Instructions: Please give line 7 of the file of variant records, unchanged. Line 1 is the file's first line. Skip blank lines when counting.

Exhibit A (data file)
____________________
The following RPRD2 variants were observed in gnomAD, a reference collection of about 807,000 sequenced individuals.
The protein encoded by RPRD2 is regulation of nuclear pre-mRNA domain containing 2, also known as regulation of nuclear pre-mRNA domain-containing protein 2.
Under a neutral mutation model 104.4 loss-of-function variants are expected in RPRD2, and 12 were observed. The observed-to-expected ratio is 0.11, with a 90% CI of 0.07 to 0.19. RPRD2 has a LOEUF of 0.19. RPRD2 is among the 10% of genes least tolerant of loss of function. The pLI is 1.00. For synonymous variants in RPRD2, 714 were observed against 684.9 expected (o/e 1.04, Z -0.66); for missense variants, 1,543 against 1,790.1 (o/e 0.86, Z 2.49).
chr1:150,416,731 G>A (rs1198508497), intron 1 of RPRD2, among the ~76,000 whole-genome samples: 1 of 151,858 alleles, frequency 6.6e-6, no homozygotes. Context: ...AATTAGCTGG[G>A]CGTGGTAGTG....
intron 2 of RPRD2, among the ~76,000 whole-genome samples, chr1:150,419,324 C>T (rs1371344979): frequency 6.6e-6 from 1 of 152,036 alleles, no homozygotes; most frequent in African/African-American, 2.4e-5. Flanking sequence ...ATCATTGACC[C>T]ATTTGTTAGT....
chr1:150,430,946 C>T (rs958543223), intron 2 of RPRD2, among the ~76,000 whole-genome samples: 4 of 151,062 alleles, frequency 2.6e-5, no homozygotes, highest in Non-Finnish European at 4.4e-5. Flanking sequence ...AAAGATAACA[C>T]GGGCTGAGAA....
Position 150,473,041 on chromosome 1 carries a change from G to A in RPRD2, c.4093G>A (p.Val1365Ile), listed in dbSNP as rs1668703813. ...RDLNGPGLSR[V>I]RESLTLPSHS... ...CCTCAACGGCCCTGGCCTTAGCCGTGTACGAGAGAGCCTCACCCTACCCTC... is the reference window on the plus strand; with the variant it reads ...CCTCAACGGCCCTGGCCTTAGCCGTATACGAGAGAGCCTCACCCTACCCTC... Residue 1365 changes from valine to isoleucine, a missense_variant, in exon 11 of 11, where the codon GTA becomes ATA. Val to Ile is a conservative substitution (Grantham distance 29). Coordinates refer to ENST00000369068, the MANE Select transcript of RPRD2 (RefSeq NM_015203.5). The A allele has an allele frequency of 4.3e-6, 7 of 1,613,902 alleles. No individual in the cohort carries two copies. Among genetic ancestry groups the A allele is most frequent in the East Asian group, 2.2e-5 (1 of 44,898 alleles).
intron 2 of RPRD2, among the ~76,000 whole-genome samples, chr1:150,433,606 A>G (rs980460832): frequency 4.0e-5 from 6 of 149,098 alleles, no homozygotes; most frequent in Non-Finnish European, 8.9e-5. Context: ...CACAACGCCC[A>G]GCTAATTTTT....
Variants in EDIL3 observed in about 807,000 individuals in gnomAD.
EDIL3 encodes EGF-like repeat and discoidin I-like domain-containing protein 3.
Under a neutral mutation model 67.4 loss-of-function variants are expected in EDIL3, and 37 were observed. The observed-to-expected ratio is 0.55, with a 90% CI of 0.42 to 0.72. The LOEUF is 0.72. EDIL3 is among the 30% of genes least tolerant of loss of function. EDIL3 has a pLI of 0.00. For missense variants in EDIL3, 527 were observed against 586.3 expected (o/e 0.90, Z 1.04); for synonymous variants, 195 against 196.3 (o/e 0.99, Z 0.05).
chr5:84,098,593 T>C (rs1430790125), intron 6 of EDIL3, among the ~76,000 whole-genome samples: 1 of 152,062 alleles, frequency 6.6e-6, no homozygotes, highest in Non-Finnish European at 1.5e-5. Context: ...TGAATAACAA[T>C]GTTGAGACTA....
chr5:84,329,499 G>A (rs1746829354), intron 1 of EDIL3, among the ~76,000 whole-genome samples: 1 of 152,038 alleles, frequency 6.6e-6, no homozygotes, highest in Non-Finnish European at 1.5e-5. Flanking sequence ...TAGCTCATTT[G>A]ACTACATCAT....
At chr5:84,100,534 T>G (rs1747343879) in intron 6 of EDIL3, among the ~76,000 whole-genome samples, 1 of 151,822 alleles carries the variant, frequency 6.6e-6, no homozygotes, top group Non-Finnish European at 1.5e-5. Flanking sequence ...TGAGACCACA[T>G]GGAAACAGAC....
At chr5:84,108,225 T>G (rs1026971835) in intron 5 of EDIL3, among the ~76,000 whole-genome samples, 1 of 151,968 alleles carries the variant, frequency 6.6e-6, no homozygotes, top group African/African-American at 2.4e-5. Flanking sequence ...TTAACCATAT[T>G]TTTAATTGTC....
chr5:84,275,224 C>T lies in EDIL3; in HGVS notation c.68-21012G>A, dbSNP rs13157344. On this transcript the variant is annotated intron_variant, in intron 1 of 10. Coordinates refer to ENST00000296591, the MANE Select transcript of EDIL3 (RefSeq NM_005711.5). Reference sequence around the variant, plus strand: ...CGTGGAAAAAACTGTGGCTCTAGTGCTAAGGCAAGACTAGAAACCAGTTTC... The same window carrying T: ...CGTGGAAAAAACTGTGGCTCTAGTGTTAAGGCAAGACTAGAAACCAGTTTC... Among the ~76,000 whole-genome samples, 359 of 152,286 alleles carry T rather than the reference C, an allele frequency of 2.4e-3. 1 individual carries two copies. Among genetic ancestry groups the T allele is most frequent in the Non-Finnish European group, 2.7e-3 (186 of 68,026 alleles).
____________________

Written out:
Position 150,473,041 on chromosome 1 carries a change from G to A in RPRD2, c.4093G>A (p.Val1365Ile), listed in dbSNP as rs1668703813. ...RDLNGPGLSR[V>I]RESLTLPSHS... ...CCTCAACGGCCCTGGCCTTAGCCGTGTACGAGAGAGCCTCACCCTACCCTC... is the reference window on the plus strand; with the variant it reads ...CCTCAACGGCCCTGGCCTTAGCCGTATACGAGAGAGCCTCACCCTACCCTC... Residue 1365 changes from valine to isoleucine, a missense_variant, in exon 11 of 11, where the codon GTA becomes ATA. Val to Ile is a conservative substitution (Grantham distance 29). Coordinates refer to ENST00000369068, the MANE Select transcript of RPRD2 (RefSeq NM_015203.5). The A allele has an allele frequency of 4.3e-6, 7 of 1,613,902 alleles. No individual in the cohort carries two copies. Among genetic ancestry groups the A allele is most frequent in the East Asian group, 2.2e-5 (1 of 44,898 alleles).